The advocacy chill for Canadian charities wanting to advocate may not be as frigid as you think.
In Canada organizations that are federally registered as charities must adhere to a set of rules set out by the Canada Revenue Agency (CRA) that limit their engagement in certain types of political activities. This has led to a self imposed "advocacy chill," by some charities who mistakenly stop advocating completely for fear of losing their charitable status.
In fact there are a number of allowable advocacy activities – more than you may realize. These are clearly set out in a excellent, short publication by the Calgary Chamber of Voluntary Organizations entitled: Influencing Public Policy: Rules for Charities Engaging in Advocacy. The three CRA categories of advocacy include:
Unrestricted Activities – examples include:
- public awareness campaigns to help the public make informed decisions related to the work of the charity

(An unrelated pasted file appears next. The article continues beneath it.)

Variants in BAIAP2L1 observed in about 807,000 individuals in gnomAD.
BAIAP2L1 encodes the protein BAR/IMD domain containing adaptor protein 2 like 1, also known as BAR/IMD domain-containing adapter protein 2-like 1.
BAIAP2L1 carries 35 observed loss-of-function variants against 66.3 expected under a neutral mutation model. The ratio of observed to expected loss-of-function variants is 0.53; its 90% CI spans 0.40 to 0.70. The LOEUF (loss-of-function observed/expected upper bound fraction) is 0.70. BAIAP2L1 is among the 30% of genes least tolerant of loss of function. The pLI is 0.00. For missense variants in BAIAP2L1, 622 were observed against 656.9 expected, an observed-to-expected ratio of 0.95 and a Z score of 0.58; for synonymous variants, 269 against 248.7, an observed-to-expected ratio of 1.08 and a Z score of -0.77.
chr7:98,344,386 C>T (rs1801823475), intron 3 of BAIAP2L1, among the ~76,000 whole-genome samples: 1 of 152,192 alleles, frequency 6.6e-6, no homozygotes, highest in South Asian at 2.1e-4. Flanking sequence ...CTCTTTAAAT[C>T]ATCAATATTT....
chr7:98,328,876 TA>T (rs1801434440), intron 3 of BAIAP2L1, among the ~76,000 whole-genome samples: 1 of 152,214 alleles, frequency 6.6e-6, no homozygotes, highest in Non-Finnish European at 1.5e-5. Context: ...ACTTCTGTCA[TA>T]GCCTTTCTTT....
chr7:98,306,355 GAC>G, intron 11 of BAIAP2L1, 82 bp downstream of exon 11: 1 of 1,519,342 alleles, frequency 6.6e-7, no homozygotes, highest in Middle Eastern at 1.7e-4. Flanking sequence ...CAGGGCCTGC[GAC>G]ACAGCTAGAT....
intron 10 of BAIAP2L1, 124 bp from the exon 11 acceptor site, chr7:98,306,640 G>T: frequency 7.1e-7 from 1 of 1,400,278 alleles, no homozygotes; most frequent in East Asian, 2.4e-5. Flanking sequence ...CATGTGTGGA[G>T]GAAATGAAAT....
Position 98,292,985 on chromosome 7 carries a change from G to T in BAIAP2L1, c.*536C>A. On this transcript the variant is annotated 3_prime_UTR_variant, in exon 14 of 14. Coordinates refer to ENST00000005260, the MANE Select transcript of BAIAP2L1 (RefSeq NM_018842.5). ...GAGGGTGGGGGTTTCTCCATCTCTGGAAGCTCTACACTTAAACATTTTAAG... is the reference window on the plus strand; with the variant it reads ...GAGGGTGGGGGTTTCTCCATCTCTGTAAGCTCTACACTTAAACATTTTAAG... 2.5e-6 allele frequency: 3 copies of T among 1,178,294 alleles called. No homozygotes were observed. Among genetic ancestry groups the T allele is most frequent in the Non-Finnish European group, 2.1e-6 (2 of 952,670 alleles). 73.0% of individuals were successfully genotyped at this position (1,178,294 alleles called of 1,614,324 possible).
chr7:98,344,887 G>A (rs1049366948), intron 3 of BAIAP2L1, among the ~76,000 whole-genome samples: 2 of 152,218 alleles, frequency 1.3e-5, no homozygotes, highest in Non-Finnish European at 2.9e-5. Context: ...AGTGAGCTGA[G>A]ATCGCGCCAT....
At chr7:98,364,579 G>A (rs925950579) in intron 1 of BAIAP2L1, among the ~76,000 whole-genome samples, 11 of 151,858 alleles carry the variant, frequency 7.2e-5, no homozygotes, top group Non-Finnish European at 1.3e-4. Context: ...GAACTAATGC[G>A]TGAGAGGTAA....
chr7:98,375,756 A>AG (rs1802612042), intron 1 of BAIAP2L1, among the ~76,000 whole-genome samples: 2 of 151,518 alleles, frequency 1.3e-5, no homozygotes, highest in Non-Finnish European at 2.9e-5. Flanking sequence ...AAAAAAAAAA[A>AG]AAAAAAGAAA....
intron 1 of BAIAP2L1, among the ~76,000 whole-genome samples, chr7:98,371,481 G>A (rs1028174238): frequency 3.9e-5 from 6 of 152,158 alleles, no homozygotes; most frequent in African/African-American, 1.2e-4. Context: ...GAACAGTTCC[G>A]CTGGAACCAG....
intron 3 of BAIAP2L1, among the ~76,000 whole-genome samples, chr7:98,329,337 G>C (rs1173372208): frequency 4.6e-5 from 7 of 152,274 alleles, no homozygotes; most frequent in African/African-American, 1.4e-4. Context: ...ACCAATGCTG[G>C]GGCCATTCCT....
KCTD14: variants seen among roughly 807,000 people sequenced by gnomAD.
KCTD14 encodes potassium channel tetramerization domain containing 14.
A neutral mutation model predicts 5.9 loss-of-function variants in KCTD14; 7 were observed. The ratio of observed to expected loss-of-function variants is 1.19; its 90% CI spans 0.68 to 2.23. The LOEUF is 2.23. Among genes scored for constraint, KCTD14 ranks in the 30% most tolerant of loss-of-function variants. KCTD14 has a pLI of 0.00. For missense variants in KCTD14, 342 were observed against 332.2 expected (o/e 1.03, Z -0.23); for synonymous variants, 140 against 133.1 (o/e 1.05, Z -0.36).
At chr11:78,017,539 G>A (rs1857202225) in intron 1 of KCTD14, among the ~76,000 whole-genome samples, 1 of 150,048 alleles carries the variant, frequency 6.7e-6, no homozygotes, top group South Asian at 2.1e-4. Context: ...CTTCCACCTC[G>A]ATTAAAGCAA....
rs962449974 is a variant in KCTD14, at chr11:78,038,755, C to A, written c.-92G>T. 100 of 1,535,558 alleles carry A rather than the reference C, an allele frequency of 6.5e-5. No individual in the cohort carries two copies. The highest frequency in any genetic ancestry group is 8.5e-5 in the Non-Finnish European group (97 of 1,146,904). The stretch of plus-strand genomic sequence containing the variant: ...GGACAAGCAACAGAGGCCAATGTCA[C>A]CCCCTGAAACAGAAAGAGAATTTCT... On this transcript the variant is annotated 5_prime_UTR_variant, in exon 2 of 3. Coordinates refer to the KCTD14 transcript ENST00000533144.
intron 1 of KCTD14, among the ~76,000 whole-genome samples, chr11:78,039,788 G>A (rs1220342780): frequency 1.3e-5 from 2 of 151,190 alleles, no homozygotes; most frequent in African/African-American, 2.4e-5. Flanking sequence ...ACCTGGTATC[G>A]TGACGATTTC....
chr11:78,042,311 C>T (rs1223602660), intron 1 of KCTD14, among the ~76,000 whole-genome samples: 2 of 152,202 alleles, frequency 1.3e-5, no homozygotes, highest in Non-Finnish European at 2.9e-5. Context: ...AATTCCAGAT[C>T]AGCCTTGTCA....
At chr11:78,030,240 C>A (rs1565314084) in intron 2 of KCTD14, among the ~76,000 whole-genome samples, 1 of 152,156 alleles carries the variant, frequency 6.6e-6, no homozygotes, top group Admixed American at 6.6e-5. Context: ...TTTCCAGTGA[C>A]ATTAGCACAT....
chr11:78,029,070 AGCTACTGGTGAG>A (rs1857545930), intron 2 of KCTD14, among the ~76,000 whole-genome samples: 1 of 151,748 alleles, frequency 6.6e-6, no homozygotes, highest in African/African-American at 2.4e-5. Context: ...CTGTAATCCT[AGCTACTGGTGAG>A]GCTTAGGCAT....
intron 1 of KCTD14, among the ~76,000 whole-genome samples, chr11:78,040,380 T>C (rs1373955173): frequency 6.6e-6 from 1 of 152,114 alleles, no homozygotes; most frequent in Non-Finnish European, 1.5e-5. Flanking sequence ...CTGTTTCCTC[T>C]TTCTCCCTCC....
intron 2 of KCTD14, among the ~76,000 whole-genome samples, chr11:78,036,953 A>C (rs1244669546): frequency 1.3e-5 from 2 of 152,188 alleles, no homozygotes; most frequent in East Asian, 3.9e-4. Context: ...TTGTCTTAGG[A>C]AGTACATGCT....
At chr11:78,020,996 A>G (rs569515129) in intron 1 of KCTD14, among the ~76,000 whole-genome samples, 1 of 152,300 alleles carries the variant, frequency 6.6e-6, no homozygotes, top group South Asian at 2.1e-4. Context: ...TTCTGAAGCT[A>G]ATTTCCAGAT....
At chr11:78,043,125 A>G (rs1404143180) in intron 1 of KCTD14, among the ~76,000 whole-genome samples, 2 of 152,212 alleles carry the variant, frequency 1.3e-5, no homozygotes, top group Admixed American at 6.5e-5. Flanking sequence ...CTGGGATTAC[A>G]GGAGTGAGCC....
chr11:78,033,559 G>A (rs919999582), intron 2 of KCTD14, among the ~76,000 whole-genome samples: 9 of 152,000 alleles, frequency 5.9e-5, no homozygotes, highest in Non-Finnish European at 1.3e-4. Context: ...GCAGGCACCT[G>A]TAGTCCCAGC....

- lobby, communicate or meet with an elected representative or public official, whether you request the meeting or they ask to meet with you
Limited Activities for which you can allocate up to 10% of your resources- examples include:
- letting the public know that a law, policy or decision of any level of government be retained, opposed or changed
- launch a call to political action ex: encouraging the public to contact an elected representative regarding a law, decision or policy
- directly or indirectly support or oppose a political candidate
- connect your charities views to any political party or candidate for public office
There is a lot more scope for your group to share your experience, knowledge and insight with government than you think. They can't govern effectively without your input.
To access the Calgary Chamber of Voluntary Organizations' document Download Influencing Public Policy -Calgary. You'll also find links to other useful resources.
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